• which has that built-in so you can use a phone to like use the subway and pay for stuff and all that.

  • Just by like, beeping it. Cause the sim card acts as like an NFC thing. It's pretty sweet.

  • Prozzie: We don't have that fancy stuff Huizhou.

  • Winston: So I mean, that's the thing though.

  • There's a huge difference between tier 1 and

  • tier 2, 3, 4, 5, 6, tier 88. We call tier 88 it's like the worst. Of course,

  • I think there... I think there are only like three or four tiers.

  • Correct me if I'm wrong. In fact, I'm going to "Wiki" it. I'll put it up

  • so I don't get my facts wrong.

  • But having been around the whole of China

  • From the very north to the very south I've seen pretty much everything China has to offer. I've been to the other tier 1 cities

  • a bunch of the tier 2 and tier 3, excetera.

  • Shenzhen still my favorite for a number of reasons. Number one, you might agree with me here, proximity to Hong Kong.

  • Prozzie: That's huge.

  • Winston: You can literally just pop over. Now something that sucks for me, but it's actually really good for you

  • and you should do this is next time you cross over. If you've got a passport

  • That's got that little. It's got a little chips on it.

  • Prozzie: You don't have to wait in the line, right? Yeah. Winston: You go register...

  • Winston: Have you done that? Prozzie: I will soon.

  • Winston: Okay, but you can actually go register it

  • I tried this the other day with my friend Pete and because my South African passports the piece of crap.

  • They were like "Sorry, South African passports don't have this chip in it."

  • You can't do it, but everyone else can and you basically get a... you can go through that e-channel.

  • You don't need to go through customs anymore. You just go fingerprint and go through.

  • Prozzie: And it just goes through.

  • Winston: No stamps, no bullshit. Any passport you just go through so that is cool.

  • Like if you had that which I don't. I still have to go through the line and get all the stamps and crap. But if

  • you have that living here. 20 minutes here in Hong Kong.

  • Prozzie: Yeah.

  • Winston: No problem. Just like that.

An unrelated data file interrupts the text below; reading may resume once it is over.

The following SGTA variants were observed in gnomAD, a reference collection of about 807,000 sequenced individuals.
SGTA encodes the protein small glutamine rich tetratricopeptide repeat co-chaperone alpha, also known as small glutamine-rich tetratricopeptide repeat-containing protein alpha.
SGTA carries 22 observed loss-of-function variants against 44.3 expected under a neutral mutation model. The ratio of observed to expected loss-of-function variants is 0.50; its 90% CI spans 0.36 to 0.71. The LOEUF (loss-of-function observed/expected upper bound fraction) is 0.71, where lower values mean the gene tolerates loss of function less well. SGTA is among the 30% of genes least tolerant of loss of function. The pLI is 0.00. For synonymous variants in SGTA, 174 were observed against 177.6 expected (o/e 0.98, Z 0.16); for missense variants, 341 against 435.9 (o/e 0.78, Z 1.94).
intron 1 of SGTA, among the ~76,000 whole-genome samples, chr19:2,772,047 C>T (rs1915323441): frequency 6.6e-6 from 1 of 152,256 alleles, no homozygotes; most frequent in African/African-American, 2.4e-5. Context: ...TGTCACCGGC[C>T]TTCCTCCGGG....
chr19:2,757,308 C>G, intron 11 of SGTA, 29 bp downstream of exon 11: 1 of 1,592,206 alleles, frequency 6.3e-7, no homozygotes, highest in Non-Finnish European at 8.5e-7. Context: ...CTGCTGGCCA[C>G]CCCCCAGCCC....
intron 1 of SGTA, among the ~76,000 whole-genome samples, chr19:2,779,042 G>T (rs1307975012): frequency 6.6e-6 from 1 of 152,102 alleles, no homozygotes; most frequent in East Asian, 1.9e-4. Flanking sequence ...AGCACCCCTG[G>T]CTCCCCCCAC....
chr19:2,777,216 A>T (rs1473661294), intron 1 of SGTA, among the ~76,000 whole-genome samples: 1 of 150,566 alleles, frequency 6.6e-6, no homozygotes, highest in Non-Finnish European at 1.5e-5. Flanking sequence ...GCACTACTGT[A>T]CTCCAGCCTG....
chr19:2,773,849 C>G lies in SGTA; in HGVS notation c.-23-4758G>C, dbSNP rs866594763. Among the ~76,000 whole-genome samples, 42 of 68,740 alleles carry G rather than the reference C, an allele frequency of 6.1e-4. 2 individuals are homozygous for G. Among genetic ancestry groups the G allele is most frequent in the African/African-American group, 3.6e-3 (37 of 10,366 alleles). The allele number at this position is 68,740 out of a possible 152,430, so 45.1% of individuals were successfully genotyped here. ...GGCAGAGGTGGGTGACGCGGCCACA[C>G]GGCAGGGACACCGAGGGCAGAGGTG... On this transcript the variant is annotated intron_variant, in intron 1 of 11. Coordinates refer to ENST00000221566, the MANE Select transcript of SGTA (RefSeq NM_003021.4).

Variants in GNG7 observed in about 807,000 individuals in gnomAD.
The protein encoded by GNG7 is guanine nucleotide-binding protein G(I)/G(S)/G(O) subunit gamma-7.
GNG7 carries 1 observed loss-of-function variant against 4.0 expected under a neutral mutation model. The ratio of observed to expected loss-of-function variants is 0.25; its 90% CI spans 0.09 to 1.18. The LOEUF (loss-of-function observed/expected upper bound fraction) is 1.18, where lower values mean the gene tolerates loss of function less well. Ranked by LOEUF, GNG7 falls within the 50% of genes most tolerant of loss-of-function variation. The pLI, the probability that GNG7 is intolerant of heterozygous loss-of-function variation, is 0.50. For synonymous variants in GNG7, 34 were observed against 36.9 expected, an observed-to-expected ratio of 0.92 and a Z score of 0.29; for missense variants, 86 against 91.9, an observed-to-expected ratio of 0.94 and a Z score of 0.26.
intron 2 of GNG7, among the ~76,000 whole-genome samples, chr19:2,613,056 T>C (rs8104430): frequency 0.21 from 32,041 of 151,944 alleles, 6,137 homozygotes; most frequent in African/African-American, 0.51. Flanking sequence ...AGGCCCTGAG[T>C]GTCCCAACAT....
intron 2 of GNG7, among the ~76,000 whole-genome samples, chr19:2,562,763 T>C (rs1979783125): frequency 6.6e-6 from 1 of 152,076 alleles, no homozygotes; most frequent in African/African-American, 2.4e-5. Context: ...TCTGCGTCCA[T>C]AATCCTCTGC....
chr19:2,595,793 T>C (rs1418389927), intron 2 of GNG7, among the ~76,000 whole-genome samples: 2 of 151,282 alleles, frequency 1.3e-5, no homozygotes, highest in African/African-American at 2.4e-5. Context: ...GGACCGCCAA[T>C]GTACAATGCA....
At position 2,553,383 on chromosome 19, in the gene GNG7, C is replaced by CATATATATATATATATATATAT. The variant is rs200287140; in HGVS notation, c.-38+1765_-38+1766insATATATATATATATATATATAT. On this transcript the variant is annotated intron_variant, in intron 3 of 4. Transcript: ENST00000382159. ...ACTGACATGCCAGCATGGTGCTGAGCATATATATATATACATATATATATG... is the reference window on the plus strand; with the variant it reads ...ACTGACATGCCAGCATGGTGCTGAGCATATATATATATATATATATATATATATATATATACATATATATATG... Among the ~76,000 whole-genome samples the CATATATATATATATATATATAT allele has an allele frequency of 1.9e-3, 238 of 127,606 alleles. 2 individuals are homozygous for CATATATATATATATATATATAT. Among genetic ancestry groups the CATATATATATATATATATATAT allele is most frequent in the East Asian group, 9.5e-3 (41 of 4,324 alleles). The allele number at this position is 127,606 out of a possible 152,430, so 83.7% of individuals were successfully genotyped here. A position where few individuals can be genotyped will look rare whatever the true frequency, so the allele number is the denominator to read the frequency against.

• Prozzie: No. That's.... that's... Winston: Yeah. Prozzie: Yeah.

  • Prozzie: Yeah, really. That's awesome. Which would you recommend?

  • For people that have never been to China before and they're interested in coming here

  • Which would you recommend they go to tier one or like a tier three something like Huizhou?

  • Winston: I'd say, it's kind of like when you play a video game.

  • You choose easy mode, hard mode. You know, that kind of thing.

  • I'd say the first tier cities are easy mode. The reason is like

  • especially places like Beijing and Shanghai.

  • Prozzie: Yeah.

  • Winston: So many people speak English there. There's English stuff. Foreign amenities

  • They've got like imports stores.

  • Shenzhen's not even as good as those two when it comes to being foreigner friendly. You know?

  • Like you go to Beijing. No problem.

  • As a foreigner, you can speak English to a lot of people you've got stores there.

  • You can get your favorite kind of cereals and things that you just can't...

  • Prozzie: You don't even need to bother learning the language.

  • Winston: No, you don't. So I'd say that's easy mode

  • but if you're in for more of an adventure. If you want to be like "thrown in".

  • Sort of headfirst into this mess of chaos and not knowing what's going on around you. Having to learn the language.

  • Trying to survive and have an adventure.

  • Definitely, sort of third tier. Go for that. Go to Huizhou. Go to one of these other like smaller...

  • I don't know. Whatever else you want to go to because tons of places people go to all the time.

  • You know, Dongguan. Something like that.

  • And. Um...

  • That's in the south of course. I can give you a list of northern cities

  • if you want. Just need a comment below.

  • Prozzie: They're endless.

  • Winston: Yeah. In fact, if you say "name some third tier cities" in the comments section below.

  • There'll be tons of people who will answer for you so don't worry.